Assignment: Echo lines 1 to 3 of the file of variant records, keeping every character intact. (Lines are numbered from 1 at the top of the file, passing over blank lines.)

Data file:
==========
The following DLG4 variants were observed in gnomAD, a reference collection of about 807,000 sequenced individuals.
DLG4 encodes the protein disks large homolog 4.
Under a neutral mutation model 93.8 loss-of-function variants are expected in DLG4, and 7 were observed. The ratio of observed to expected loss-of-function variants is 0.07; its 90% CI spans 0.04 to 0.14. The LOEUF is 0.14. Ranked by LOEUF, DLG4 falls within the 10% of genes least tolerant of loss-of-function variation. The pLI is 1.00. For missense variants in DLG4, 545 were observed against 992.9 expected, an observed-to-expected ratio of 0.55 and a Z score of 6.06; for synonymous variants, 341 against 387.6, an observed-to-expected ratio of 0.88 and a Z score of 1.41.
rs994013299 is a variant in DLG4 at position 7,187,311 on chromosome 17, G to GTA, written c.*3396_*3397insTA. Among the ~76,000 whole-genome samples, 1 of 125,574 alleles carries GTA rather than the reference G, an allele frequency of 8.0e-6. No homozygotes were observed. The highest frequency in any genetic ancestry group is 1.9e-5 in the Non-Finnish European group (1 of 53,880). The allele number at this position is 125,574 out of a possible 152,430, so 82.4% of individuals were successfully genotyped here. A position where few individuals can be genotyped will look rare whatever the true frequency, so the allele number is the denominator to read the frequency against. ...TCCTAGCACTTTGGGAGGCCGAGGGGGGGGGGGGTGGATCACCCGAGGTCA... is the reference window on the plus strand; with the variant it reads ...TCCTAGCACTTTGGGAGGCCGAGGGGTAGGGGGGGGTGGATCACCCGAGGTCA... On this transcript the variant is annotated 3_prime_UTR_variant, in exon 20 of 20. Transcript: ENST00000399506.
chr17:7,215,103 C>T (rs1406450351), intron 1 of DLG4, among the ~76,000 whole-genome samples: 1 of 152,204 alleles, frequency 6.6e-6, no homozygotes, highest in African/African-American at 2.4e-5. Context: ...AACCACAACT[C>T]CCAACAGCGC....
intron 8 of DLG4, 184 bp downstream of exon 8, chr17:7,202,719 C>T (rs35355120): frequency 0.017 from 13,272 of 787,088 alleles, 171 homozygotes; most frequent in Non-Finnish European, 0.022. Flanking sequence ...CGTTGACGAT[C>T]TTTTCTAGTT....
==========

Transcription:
The following DLG4 variants were observed in gnomAD, a reference collection of about 807,000 sequenced individuals.
DLG4 encodes the protein disks large homolog 4.
Under a neutral mutation model 93.8 loss-of-function variants are expected in DLG4, and 7 were observed. The ratio of observed to expected loss-of-function variants is 0.07; its 90% CI spans 0.04 to 0.14. The LOEUF is 0.14. Ranked by LOEUF, DLG4 falls within the 10% of genes least tolerant of loss-of-function variation. The pLI is 1.00. For missense variants in DLG4, 545 were observed against 992.9 expected, an observed-to-expected ratio of 0.55 and a Z score of 6.06; for synonymous variants, 341 against 387.6, an observed-to-expected ratio of 0.88 and a Z score of 1.41.